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Friday, September 12, 2014

The Killing Machine (1975) review



Sonny Chiba (Doshin So), Makoto Sato (Otaki Kentaro), Yutaka Nakajima (Kiku Sakamoto), Makoto Naoya (Hiroshi Tomoda), Etsuko Shihomi (Miho), Kyoichi Sato (Kaga), Tetsuro Tamba (Police Chief Nobuyuki), Rikiya Yasuoka (Takehara), Kinji Takinami (Akamatsu)

Directed by Norifumi Suzuki

The Short Version: Bone-breaker extraordinaire Sonny Chiba returns to the screen essaying the real life martial artist, Doshin So, the founder of Shorinji Kempo. There's elements of Master So in this film, but sensationalism dominates; especially in the last 40 minutes. Suzuki tries to take things seriously most of the time, but the urge for breaking arms, geysers of blood, and scissoring off a rapists penis for a hungry dog is just too much to resist. Arguably one of the Bad Man From Japan's bests movies, it sits stoically alongside other brute-tastic, body mangling movies like THE STREET FIGHTER (1974) and THE EXECUTIONER (1974).

After Japan surrenders in 1945, Doshin So, an undercover agent behind enemy lines in China, goes back home to Osaka. Upon arriving there, he rescues a young lady sold into prostitution by a Yakuza gang, and takes in a band of orphaned children. Running into trouble with some American GI's, Master So cripples two of the MP's and is arrested. The Japanese chief of police is sympathetic to the martial arts master, and allows him to leave quietly. Leaving for Shikoku, Doshin So sets up a martial arts school, and soon runs into the same Yakuza mobsters from Osaka. Along with corrupt lawmen, the mob begin taking lands for their own use, and So's school is highly prized by them. A violent war between Doshin and his students versus the gangsters litters the landscape with blood and broken bones.

So far the only movie based -- as loose as it is -- on the life of Nakano Michiomi, later to be known as Doshin So (or Kaiso, 'the founder'), the man who brought Shaolin martial arts to Japan. Filmed in cooperation with Japan's Shorinji Kempo Federation, Isao Matsumoto's script inserts small chunks of the real Master So's experiences, using these bits and pieces to build the action portions of the story around them. These autobiographical moments are gotten out of the way rather quickly so as to make room for three sub-plots that are all connected to Chiba's character. Throughout the picture, Doshin So acts as a problem solving Karate savant; a martial arts Moses, if you will. These three arcs are modestly peppered with violent interactions with the villains who will feature heavily in the last half of the picture when the exploitation portions of the film set in.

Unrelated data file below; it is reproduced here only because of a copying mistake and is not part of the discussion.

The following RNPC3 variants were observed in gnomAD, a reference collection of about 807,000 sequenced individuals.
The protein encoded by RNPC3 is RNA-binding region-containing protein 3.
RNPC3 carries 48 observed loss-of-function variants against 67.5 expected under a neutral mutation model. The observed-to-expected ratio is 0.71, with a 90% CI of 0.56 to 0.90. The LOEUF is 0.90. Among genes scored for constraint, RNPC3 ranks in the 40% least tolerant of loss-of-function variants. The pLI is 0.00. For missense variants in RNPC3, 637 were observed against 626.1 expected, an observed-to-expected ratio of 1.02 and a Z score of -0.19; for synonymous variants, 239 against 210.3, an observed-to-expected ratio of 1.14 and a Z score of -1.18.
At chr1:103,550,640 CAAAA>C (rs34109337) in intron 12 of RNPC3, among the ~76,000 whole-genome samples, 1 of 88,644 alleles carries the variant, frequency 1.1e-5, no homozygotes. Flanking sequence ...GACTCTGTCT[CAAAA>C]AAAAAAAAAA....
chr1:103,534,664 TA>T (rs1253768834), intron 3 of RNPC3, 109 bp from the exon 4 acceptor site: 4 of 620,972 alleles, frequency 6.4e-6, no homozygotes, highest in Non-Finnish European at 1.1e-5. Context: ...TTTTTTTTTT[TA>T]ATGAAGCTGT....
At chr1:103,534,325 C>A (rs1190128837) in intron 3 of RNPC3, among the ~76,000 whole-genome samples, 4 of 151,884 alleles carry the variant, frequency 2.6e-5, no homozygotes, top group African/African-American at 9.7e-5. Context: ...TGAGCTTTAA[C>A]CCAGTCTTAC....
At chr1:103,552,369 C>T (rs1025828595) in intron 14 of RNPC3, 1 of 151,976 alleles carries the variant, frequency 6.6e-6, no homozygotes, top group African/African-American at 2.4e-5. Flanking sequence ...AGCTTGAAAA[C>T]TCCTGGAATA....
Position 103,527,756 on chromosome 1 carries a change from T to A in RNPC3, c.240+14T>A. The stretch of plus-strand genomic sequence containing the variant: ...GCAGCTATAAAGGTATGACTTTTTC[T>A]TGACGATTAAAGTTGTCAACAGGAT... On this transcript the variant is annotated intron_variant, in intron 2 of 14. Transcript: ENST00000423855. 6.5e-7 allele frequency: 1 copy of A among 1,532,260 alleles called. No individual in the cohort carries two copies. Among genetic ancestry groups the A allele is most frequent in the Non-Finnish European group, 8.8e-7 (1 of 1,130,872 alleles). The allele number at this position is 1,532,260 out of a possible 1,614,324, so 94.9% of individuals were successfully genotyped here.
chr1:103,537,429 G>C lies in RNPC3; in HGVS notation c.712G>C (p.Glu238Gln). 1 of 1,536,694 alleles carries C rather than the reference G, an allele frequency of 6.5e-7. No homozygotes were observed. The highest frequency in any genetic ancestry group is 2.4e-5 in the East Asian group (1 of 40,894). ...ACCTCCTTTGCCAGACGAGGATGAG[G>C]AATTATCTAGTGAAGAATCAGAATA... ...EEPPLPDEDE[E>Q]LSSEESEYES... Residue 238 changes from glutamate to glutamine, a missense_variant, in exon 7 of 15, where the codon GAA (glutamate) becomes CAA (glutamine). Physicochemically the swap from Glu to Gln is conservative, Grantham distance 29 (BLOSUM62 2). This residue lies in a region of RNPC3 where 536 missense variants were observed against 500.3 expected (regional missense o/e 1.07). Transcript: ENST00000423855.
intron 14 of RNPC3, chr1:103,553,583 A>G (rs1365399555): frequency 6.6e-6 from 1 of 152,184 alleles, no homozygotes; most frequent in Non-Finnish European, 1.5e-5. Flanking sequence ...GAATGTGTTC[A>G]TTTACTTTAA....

Taking place during a three year period in Master So's life (1945-1948), the film begins at the end of WW2, and So's job as a military intelligence agent is done after Japan's surrender. Returning to his homeland, he sees a devastated, demoralized Japan. He then makes it his mission to aid in rebuilding Japan by rebuilding the crushed spirits of its citizens. He founds Shorinji Kempo in 1947; and that's the extent of the historical connections. There's also a brief flashback to So's childhood when he visits his mother's grave. As for accounts on the real man himself....

According to sources, Michiomi enlisted in the military at 17, and eventually found himself stationed in Manchuria as a secret agent. It was also during this time he became heavily influenced by Chinese martial arts, particularly the kung fu styles of Shaolin. Taught an array of locks, grappling, and throwing techniques (which makes up a lot of the martial arts seen in the film), Michiomi learned faster than the average student. His master, Wen Tai Zhong made him his successor, granting Michiomi the title of Grandmaster; and changing his name to Doshin So (Religious Servant of the Way). He returned to Japan and began his efforts of reinvigorating the Japanese by reaching out to, and eventually training the youth of the day.

One of the most fascinating aspects of Doshin So the man was his abandoning of ideological, religious, and political polarities in favor of individual qualities of a person; pushing his students to do their best, and find the confidence within themselves to re-establish their sense of purpose and self-worth; this, too, is touched on in the movie on a handful of occasions; particularly when he is forced to get physical with the now one-armed Tomoda (one of the three dramatic arcs presented in the film). Drunk and wishing to die, Master So throws him out into the rain and begins wailing on him, tossing him around like a rag doll to try and anger Tomoda to the point he'll realize he can't let his crippling injury allow him to give up.

Racism is an issue that's espoused upon; it's not a subject the script dwells on, but it makes its presence known a few times. There's disdain from the Japanese towards the Americans, and an even more palpable sense of prejudice from the Japanese towards the Korean population residing there. This discrimination is the catalyst for two of the three expositional branches Suzuki's movie uses to tell its story.